Lifelong encouragement, love and care – all excellent reasons to celebrate our mothers every single day of the year. Our mums give us their attention and affection, feed us and dress us, teach and support us. And I am endlessly grateful for everything (especially now I can see how tempting it must have been to put me out on the porch and leave me for dead when I asked my millionth ‘why?’). But lately, I’ve been thinking about the single, biggest gift my mother bestowed on her problematic progeny; the one thing which defines who I was, am and will be. My love of reading…
Recently, the BBC published a piece on the 11 greatest children’s books of all time (why not 10? Which was too good to leave out?) and for me, it was an enthralling trip down memory lane. I had devoured – and loved – every book on the list. These were the stories that had had formed my character, changed my life, made me who I am today. And it’s all thanks to my Mum…
Other children slept surrounded by stuffed toys; my mother tucked me in with my books: Charlotte’s Web under the pillow; Winnie the Pooh by my side and a precarious pile of Roald Dahls on the nightstand. As I grew older, it was Madeleine L’Engle’s A Wrinkle in Time, the entire Narnia series, anything by Tolkien (I was surprised that The Hobbit didn’t make the BBC’s list; there’s a strongly-worded postcard heading their way!). Maycombe and Middle Earth and Earthsea – these were the places I lived and loved, always encouraged by a mother who was happy to recommend, discuss and – most importantly – allow me the quiet time to read.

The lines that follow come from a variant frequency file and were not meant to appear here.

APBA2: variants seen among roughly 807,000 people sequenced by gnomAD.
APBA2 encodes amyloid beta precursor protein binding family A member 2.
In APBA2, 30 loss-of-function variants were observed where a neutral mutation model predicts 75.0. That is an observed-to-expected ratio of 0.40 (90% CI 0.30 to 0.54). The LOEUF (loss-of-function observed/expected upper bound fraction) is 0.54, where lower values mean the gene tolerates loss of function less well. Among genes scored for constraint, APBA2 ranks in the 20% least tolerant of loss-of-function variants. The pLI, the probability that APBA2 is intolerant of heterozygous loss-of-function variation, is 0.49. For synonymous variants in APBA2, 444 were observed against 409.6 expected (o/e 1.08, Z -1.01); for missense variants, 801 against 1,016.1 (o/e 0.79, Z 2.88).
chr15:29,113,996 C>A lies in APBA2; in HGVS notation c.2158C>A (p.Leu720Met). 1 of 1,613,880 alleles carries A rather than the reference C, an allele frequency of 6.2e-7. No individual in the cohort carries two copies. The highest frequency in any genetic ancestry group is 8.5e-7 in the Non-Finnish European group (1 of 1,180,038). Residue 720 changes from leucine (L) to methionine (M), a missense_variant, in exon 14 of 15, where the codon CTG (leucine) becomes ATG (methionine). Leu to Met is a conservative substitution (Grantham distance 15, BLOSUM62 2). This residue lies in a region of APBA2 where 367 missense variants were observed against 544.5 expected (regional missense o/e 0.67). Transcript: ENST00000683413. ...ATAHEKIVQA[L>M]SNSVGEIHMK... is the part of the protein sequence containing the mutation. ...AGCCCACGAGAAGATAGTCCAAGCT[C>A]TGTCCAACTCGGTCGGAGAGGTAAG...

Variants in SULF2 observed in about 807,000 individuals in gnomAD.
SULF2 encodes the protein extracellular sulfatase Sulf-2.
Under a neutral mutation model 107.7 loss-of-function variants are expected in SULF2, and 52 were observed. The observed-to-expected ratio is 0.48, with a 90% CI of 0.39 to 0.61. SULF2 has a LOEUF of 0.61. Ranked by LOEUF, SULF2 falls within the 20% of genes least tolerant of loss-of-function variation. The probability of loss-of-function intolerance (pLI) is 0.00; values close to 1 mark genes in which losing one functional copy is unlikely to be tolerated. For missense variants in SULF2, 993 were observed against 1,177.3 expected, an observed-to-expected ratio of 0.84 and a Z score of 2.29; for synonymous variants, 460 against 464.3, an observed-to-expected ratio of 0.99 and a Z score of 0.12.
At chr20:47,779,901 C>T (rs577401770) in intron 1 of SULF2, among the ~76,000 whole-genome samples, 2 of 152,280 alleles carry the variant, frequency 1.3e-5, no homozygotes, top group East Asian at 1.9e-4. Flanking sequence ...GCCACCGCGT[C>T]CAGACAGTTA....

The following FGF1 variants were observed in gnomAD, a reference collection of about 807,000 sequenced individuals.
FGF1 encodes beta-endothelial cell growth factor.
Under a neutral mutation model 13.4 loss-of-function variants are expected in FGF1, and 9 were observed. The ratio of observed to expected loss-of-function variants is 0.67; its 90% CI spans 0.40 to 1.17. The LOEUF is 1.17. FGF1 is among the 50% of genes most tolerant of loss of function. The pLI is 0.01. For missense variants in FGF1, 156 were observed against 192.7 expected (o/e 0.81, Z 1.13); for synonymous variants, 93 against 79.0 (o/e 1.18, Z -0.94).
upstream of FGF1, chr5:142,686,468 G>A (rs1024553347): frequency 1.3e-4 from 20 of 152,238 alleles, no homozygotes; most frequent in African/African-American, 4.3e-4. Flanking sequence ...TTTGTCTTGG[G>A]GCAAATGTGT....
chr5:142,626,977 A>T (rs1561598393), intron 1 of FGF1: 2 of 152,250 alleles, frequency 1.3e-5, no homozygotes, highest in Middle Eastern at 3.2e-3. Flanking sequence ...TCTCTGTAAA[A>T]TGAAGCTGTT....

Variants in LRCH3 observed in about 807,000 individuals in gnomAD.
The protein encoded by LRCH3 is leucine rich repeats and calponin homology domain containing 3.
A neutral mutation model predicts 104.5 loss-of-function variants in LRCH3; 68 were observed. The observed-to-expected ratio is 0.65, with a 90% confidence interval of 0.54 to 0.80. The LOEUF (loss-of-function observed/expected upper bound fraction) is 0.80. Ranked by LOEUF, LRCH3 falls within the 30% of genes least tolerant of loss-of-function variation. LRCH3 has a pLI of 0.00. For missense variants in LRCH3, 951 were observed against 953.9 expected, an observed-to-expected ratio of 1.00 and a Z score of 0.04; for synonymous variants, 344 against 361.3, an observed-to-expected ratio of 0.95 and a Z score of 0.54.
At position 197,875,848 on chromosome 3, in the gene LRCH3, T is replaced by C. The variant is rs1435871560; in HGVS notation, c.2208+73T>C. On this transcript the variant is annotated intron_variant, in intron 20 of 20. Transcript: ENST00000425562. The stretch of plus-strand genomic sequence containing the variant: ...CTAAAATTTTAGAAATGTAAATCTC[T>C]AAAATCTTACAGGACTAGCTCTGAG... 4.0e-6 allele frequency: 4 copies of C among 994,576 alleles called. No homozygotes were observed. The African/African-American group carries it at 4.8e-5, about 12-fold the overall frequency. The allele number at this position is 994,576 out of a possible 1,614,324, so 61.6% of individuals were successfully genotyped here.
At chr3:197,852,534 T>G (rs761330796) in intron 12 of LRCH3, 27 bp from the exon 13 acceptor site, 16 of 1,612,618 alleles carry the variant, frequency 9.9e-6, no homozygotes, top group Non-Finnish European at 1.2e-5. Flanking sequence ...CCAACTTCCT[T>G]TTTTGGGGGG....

Birthday and Christmas presents were books, rewards were a trip to the bookstore, weekends were library visits courtesy of a parent who understood the importance – and encouraged my love – of reading. Of course, there were a few educators who got in on the act – one primary teacher in particular, who packed me off to the school library during quiet time – but for the most part it was my mum who fed my love of literature: buying me books, discussing plots and themes and opening up other worlds, times and places.
Years later, as a teacher dealing with despairing parents, my constant refrain was this: give your child the gift of reading. Allow them discover new words and worlds, ideas and opinions through literature. Lead by example (often this is where it all falls apart: if a parent doesn’t read, it’s hard to instill any passion for literature in a child) and allow them to see the value – and unparalleled beauty – of the written word.
Nowadays Harry Potter, Will and Lyra, and Artemis Fowl have taken the place of Scout and Jem, Bilbo and Frodo. But it doesn’t matter: any book, and any well-written characters, will benefit your child – both now and in later life. Along with improved literacy skills, a parent who instills a love of reading is providing their child with the best possible start in life: a start which includes the building of communication skills, vocabulary and logical thought; the development of focus and concentration; and a familiarisation with new experiences.
For me, that early encouragement has stood me in excellent stead throughout my life. My thirst for knowledge, rampant curiosity and the ability to express exactly what I feel and mean all stem from reading. From The Very Hungry Caterpillar through Peter and Jane to a brief – but almost terminal – infatuation with Enid Blyton, books have taught me almost everything I know. And – in that reading and writing go hand in hand – they’ve since provided me with a job I utterly adore.
So this Mother’s Day, I’d like to thank my mum for the most priceless gift any parent can give: a love of literature.
What is the most precious gift your mum has given you – or you’ve given your child? I’d love to hear from you!
Alix is a freelance writer and editor, with a passion for the printed word. For a snapshot of her work, click here.